Journal Posts

Tag: personal_horror_stories

Chapter Four: Sep 25 - Oct 17 - At Sea
The crew and the members of the Starkweather-Moore Expedition rose early on the 25th of September. Morning classes were abbreviated, and come 11:30 a.m. Captain Vredenburgh sounded an all stop and the ship's navigator announced that they were "On the line!" With great fanfare one of the ship's lifeboats, which had been decorated with nets, barnacles, and streamers of seaweed, was hauled up over the side and a motley crew stepped on to the deck. The Gabrielle's chief steward, Judas Whitney, was dressed up as Neptune himself complete with fake beard, toga, and trident. Others were dressed up as his "court," including the portly chief engineer Charles Drummond as a baby, and a number of able seamen and engineers as masked devils, attorneys in powdered wigs, diabolic barbers and doctors, and so on.

The members of the expedition, save for veterans such as Stacey Meredith Whitehall and Jeeves, were dubbed "land-lubbers, accused of scurrilous crimes" and marched up to answer before the king of the sea. Evelyn Dubois was charged with such things as "dancing to fancy music" and "not wearing a skirt," while Buernor Thorson was accused of crimes like "consorting with them Nore-wegians" and "playing with fire at port." Sameul Brighton-Foyle was accused of "wrasslin' without the cap'n's permission" and "consorting with gentlemen over tea." All took their good natured punishment with a laugh and no small bit of embarassment. Some of the newer members of the crew had it worse, being shaved, stripped, and forced to dance a jig. But all were handed royal decrees proclaiming them "shellbacks" and veterans of crossing the Equator.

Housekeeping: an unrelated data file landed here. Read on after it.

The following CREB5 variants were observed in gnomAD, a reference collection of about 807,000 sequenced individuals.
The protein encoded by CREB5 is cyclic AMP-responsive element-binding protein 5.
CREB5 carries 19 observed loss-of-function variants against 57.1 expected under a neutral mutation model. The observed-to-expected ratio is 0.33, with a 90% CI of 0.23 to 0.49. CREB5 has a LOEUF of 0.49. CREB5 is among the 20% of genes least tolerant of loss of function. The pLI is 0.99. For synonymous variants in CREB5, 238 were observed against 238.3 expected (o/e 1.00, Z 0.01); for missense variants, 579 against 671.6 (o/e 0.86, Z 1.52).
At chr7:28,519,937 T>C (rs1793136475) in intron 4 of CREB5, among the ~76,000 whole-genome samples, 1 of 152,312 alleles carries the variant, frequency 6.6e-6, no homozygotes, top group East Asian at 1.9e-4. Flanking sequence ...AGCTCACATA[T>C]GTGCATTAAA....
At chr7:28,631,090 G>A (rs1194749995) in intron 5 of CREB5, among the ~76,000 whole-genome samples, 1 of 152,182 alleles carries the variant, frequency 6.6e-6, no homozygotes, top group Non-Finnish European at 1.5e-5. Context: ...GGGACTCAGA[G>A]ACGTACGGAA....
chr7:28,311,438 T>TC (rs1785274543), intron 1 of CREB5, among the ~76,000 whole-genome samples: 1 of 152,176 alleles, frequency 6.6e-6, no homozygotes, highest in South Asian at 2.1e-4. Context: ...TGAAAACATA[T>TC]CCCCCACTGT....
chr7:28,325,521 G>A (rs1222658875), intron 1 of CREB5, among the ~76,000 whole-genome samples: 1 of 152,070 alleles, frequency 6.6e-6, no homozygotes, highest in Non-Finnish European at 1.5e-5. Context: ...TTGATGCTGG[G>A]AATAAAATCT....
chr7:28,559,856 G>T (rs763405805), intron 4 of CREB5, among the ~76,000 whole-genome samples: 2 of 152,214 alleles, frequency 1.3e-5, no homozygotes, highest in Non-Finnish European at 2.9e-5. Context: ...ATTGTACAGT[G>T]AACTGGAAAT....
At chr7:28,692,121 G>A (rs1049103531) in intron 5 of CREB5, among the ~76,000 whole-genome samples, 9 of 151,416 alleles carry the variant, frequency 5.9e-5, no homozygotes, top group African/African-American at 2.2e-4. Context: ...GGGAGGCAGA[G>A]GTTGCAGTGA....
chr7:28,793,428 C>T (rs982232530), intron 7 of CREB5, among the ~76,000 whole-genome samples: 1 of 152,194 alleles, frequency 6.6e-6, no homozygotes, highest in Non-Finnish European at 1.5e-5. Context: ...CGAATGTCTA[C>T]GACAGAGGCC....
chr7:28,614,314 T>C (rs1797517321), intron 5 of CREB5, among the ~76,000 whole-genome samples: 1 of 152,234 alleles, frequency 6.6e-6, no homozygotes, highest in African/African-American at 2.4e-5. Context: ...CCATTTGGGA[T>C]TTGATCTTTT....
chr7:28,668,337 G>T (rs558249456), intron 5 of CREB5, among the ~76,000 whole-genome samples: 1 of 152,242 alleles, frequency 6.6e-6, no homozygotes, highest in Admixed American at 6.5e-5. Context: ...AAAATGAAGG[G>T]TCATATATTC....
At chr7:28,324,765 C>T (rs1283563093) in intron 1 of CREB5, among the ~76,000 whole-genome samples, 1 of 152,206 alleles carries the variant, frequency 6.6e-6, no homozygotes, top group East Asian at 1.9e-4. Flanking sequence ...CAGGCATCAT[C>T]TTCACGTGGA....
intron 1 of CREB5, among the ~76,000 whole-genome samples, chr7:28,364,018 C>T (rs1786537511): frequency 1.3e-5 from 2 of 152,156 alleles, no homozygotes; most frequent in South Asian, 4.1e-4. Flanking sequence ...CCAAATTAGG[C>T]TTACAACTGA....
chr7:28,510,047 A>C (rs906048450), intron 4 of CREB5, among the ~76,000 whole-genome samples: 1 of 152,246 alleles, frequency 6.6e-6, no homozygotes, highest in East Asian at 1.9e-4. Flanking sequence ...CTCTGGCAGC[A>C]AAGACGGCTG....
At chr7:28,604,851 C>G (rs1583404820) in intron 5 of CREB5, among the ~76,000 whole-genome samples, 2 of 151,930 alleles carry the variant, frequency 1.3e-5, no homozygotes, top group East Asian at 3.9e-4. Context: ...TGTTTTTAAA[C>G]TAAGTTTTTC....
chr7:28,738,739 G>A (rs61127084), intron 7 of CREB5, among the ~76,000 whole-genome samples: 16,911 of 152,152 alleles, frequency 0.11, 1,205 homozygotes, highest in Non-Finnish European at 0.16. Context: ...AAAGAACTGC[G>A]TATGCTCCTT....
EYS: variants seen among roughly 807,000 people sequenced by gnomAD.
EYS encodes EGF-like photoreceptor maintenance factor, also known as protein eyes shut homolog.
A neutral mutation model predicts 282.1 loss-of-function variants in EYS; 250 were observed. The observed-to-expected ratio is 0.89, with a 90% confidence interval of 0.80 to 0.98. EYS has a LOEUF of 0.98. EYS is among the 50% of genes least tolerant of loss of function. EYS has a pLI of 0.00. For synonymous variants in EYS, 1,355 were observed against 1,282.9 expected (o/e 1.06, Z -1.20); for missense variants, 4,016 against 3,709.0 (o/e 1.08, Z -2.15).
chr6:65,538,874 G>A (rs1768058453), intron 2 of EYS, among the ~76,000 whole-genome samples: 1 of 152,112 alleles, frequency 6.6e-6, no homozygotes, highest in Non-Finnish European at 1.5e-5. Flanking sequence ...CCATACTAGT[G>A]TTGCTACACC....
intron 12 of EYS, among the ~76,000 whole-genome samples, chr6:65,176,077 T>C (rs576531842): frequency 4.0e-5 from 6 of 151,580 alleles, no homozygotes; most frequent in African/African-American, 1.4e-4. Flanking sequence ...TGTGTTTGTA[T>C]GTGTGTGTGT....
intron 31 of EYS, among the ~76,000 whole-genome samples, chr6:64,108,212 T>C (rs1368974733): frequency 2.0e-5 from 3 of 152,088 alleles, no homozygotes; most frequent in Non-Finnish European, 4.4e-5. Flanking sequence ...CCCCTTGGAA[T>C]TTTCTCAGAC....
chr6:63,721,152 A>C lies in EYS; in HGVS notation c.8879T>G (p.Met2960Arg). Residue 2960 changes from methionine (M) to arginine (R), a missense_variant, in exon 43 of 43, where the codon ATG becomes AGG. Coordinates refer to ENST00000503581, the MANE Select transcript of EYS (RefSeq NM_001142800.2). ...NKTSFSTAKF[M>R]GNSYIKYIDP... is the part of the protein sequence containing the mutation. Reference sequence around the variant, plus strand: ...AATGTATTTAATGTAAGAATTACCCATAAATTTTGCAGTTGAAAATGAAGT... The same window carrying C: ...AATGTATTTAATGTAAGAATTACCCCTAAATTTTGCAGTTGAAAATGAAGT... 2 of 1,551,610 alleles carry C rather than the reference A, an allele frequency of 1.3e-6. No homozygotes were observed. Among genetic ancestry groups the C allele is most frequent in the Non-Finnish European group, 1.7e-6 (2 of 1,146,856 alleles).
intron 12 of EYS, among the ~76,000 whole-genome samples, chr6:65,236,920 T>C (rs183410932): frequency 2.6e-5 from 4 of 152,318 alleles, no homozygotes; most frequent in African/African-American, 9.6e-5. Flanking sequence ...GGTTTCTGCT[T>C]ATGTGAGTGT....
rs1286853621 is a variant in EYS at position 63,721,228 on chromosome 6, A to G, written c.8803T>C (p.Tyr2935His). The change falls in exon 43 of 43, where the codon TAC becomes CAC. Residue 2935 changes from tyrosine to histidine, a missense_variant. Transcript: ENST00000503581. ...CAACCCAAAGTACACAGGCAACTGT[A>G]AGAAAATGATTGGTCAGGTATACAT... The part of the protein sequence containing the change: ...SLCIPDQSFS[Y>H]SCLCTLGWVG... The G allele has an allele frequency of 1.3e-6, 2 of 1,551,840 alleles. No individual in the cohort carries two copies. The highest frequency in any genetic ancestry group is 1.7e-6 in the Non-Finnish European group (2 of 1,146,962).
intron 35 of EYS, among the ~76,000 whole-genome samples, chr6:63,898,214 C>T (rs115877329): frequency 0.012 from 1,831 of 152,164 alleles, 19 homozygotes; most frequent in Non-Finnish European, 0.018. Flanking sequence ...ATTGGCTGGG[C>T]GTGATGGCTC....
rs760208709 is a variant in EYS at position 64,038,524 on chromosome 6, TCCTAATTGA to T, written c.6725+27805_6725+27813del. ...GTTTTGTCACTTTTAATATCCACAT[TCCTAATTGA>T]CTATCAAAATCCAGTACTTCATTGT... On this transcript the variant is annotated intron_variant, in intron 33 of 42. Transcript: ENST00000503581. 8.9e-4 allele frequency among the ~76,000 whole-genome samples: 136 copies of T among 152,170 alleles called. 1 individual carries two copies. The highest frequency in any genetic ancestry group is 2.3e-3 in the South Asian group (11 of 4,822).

This is how lubbers became shellbacks - by crossing the line and partying!

The celebration was marred however as later that afternoon one of the stewards, messboy Philip Coates, ran to the top deck. The stench of amonia washed over the ship as he near fell over. "The reefer hold," he choked, "she's leaking coolant all over!" With an oath, Captain Vredenburgh ordered all hands and volunteers below. One of the pipes on the massvie refrigerated hold had burst, spilling amonia all over. The investigators pitched in along with the crew, mopping up coolant and tossing tainted supplies - eggs, milk, and some other fresh food - over the side. The cook managed to salvage what he could, but canned and dried goods, mostly pemmican, was all that was left. James Starkweather and the captain had an argument on the top deck that was observed by much of the crew and the expedition, and the English explorer insisted against the captain's wishes that the ship must press on to Australia. "That damnable woman is ahead of us," he shouted, "I won't have it!" So rather than take the four days necessary to turn back to Panama, the Gabrielle steamed ahead two weeks to Australia. That earned Starkweather a new nickname with the disgruntled crew, "Bloody Starkers!"

During the cleanup, Jeeves and Dr. Tyson began to examine the burst pipe. The Englishman noticed pitting on the floor beneath the pipe, and Tyson identified it as acid burns. Someone had sabotaged the refrigerated hold. After confiding in the others and then Moore, the professor informed his parter Starkweather that this had been no accident. The captain placed a watch on the holds, but the next two days passed without incident. Despite searches of the expedtion's chemical stores, no acid was found missing and the trail had grown cold.